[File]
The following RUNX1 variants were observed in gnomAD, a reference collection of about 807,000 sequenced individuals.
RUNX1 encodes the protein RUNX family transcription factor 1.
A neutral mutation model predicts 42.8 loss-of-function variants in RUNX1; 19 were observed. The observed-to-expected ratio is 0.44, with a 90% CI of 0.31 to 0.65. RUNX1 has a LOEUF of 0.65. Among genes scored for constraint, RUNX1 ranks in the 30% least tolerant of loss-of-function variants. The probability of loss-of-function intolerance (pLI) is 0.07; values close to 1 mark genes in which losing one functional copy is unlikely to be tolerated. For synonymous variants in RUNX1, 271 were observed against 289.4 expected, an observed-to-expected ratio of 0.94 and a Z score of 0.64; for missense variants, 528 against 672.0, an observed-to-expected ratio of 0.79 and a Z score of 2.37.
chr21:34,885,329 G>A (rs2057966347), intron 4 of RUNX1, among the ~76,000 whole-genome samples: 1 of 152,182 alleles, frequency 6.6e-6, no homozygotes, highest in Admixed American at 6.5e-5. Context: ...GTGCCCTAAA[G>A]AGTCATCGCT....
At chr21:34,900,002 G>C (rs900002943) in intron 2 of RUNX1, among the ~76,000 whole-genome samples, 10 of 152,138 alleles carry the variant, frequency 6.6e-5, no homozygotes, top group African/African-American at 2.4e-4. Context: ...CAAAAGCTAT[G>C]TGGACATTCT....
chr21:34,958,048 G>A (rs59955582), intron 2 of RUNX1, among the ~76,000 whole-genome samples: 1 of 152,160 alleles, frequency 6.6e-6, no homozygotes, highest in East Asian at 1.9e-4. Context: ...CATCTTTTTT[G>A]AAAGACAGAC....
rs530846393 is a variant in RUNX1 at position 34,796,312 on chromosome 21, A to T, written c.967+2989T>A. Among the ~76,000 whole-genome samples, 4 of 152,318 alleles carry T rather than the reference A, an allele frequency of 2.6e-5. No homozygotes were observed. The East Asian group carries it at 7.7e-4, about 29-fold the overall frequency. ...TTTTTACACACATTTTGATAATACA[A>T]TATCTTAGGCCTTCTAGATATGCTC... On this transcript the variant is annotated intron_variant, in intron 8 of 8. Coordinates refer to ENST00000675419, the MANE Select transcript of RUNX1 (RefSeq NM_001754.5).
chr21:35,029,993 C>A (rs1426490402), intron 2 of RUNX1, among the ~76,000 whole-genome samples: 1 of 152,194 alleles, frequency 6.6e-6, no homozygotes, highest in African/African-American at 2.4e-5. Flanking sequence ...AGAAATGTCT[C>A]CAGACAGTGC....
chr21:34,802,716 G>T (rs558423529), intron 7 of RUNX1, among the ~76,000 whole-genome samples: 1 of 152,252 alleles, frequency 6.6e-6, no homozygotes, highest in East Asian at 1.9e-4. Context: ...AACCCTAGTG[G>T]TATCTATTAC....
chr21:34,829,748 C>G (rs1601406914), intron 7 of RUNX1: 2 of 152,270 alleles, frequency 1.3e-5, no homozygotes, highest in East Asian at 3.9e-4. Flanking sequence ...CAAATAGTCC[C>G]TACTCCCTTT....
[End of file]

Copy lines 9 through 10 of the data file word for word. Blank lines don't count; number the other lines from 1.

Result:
chr21:34,802,716 G>T (rs558423529), intron 7 of RUNX1, among the ~76,000 whole-genome samples: 1 of 152,252 alleles, frequency 6.6e-6, no homozygotes, highest in East Asian at 1.9e-4. Context: ...AACCCTAGTG[G>T]TATCTATTAC....
chr21:34,829,748 C>G (rs1601406914), intron 7 of RUNX1: 2 of 152,270 alleles, frequency 1.3e-5, no homozygotes, highest in East Asian at 3.9e-4. Flanking sequence ...CAAATAGTCC[C>G]TACTCCCTTT....